We also found a significant and positive association between the level of motor impairment (GMFCS) and the risk of aspiration (P<.05) (Fig. 2).

Figure 2.
(0.07MB).

Percentage of patients with aspiration by GMFCS level.

When it came to treatment following the VFSE, dietary adaptations with use of safer textures was prescribed to 56% of the patients. Gastrostomy tube feeding was recommended to children with severe dysphagia that precluded safe feeding regardless of food consistency (13 patients; 21%); 2 patients already had feeding tubes in place before testing (24% of gastrostomies), and we found a statistically significant association between the indication of gastrostomy and the severity of dysphagia (Table 2).

Table 2.

Results of the videofluoroscopic swallow exam.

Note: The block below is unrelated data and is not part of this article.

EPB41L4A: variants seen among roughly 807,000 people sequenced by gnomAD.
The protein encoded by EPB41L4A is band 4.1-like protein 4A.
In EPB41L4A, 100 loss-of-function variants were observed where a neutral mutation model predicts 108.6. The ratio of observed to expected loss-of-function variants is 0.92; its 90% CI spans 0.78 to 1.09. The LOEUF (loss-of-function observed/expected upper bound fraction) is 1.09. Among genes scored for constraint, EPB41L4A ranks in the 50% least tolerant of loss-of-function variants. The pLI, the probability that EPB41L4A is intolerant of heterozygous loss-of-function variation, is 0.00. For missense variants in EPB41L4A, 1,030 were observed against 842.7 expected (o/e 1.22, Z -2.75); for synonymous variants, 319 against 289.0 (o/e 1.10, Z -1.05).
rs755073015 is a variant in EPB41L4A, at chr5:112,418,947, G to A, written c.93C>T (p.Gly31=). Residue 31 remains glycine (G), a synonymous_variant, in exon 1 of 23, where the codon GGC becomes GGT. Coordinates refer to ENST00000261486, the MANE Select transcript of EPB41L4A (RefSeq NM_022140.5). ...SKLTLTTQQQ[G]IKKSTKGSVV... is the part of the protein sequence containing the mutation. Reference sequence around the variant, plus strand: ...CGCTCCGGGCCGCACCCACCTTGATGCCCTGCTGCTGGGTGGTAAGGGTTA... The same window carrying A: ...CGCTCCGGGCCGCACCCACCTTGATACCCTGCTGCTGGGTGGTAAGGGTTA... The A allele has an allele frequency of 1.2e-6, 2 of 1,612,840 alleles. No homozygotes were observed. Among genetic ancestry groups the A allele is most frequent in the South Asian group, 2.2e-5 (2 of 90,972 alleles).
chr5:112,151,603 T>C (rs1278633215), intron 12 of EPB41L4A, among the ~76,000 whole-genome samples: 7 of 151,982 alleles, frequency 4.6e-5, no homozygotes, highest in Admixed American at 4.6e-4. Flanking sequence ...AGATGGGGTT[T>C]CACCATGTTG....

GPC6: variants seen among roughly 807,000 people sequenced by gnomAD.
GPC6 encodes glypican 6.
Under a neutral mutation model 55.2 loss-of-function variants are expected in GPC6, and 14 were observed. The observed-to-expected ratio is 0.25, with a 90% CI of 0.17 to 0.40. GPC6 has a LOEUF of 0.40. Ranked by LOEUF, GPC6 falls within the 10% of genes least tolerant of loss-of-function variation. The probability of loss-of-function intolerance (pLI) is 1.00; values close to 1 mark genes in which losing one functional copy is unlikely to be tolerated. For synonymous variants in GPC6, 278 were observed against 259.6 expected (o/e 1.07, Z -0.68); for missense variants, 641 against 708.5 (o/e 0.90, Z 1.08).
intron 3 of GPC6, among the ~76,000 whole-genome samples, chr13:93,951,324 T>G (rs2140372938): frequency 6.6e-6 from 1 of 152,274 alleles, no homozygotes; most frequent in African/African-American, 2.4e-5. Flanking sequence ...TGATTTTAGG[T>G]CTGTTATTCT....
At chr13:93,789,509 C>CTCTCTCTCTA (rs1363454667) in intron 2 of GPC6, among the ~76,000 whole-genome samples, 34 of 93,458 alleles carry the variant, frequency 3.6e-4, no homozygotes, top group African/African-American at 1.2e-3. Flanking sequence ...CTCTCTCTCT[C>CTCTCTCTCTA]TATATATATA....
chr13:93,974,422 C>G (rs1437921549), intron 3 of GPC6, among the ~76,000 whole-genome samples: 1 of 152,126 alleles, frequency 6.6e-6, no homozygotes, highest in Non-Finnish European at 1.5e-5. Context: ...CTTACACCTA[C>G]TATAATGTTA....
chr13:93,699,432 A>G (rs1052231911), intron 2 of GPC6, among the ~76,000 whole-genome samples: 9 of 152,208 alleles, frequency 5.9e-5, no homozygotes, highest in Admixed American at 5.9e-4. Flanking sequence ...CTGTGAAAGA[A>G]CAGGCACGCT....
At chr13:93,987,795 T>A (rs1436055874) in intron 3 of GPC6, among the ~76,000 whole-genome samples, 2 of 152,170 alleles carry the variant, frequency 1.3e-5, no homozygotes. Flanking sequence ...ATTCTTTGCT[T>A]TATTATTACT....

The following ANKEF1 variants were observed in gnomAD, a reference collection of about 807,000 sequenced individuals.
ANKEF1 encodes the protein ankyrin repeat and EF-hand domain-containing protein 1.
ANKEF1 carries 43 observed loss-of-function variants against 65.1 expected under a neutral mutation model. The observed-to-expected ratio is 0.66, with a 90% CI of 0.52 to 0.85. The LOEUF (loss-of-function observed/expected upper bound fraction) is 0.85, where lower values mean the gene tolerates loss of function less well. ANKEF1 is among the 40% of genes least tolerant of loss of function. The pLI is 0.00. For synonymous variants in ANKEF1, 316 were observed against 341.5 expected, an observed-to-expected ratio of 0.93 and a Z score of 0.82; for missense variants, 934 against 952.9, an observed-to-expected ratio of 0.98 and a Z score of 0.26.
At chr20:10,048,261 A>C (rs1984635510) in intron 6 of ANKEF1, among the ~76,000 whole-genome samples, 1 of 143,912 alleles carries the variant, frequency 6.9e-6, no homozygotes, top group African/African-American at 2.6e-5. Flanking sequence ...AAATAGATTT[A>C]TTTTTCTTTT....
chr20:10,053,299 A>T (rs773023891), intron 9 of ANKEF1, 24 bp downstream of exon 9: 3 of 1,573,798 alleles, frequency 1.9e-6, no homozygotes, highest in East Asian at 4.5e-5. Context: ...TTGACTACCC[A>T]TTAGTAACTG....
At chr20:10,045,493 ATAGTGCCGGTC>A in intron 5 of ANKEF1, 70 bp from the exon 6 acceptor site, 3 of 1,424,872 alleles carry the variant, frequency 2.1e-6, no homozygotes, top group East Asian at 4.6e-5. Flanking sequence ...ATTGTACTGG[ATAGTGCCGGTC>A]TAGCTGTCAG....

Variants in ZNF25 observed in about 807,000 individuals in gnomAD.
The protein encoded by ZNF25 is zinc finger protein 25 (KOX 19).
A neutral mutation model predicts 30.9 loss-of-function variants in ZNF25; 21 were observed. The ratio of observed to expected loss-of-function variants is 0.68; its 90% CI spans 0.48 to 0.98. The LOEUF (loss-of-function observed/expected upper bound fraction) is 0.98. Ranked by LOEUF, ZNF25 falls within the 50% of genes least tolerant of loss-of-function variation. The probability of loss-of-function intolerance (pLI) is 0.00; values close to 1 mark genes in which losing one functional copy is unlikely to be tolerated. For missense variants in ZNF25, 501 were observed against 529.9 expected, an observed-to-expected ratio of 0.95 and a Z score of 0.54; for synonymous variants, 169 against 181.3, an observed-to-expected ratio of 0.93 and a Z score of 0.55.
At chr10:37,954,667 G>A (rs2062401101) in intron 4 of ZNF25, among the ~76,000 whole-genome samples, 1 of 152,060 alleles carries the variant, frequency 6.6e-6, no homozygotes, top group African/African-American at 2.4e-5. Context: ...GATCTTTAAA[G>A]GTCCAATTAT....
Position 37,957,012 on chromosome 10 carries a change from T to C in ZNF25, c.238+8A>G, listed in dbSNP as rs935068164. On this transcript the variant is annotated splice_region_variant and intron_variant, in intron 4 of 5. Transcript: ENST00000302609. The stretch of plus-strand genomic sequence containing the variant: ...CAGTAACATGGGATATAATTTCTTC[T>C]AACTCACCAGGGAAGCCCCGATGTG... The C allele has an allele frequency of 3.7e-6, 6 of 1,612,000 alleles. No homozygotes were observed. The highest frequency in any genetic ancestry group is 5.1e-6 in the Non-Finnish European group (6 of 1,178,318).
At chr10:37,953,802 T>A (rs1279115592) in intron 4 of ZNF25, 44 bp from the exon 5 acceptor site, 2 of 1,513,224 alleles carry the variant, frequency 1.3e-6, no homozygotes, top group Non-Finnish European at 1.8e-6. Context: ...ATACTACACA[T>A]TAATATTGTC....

Swallowing disorders  70.5% of patients 
Dysphagia by stageOral: 50% 
Pharyngeal: 67% 
Oesophageal: 3% 
Treatment based on VFCDietary adaptation and physical therapy: 56% 
Gastrostomy indicated: 24% 

In the 21 patients that received a diagnosis of dysphagia for which we had pre-test anthropometric data, the assessment at 12 months after diagnostic confirmation by videofluoroscopy revealed improvements in weight (0.3 increase in the mean weight z-score) and BMI (0.4 increase in mean BMI z-score) (Fig. 3). In the patients that had been followed up in the paediatric pulmonology department (n=36), we found improved respiratory outcomes in 76%, with improvement defined as a decrease in the number of exacerbations and visits to the emergency department in the 6 months post test compared to the 6 months pre test.